15 February 2013
New research suggests middle class children are more likely to be obese than those from poor families, turning on its head the idea that obesity is tied to social deprivation.
A study from Leeds Metropolitan University found childhood obesity was not more prevalent among more 'deprived' children.
Charting youngsters' obesity levels and where they lived, researchers found that those in 'middle-affluent' areas of Leeds were more likely to be very overweight than those in very poor or very wealthy postcode areas, with the trend particularly high among girls.
Dr Claire Griffiths, who led the study, said it indicated that children living in the most deprived and most affluent areas of the city are at the lowest risk, with boys and girls following different patterns.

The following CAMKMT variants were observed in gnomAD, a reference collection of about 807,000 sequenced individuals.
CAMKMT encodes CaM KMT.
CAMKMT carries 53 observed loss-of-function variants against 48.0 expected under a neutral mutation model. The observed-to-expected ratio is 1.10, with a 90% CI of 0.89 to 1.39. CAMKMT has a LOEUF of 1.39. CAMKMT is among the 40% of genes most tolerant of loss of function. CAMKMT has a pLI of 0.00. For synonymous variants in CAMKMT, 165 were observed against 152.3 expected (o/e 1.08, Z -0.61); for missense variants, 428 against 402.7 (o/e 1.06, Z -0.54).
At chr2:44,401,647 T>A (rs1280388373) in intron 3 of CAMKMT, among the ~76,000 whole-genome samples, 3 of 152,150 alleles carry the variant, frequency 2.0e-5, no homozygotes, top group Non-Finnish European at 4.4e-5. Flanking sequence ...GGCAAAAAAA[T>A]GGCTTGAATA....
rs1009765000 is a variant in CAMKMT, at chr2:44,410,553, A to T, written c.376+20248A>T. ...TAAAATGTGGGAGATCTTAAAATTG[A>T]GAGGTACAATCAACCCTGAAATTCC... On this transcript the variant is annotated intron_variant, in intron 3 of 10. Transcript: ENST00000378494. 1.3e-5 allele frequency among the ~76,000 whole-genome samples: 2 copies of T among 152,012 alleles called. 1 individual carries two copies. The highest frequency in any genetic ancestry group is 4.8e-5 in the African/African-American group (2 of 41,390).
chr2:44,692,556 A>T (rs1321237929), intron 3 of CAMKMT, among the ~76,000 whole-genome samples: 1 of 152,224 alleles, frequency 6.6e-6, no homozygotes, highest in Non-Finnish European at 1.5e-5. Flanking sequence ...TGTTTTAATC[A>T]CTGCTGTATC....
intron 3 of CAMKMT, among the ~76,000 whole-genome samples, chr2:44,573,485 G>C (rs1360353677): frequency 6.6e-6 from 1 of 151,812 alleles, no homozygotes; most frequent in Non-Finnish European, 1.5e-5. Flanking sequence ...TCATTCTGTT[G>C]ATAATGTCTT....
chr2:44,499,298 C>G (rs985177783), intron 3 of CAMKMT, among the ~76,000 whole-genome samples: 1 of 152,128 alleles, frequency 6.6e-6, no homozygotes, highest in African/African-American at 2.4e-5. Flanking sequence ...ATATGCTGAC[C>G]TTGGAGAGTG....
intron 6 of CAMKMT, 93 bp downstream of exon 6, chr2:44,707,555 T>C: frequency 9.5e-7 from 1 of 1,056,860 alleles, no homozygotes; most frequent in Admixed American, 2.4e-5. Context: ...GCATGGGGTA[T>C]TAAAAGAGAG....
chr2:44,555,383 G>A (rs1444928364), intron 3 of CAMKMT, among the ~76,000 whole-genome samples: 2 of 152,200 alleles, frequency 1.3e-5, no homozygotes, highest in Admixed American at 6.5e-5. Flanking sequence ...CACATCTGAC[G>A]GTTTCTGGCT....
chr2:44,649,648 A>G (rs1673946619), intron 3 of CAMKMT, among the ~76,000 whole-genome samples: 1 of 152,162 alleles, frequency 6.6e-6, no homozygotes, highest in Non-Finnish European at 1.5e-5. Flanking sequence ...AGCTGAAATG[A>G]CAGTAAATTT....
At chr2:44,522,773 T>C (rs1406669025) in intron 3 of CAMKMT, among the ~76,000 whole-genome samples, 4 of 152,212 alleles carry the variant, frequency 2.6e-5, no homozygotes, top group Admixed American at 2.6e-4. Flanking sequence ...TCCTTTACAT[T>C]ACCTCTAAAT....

"These results could help make informed decisions at the local level including the allocation of health promotion resources," Dr Griffiths said.
"This is especially important now in the light of the recently enhanced role for local governments and authorities with an increased focus on locally-led action in the UK to tackle childhood obesity."
Posted by Jeanette Royston
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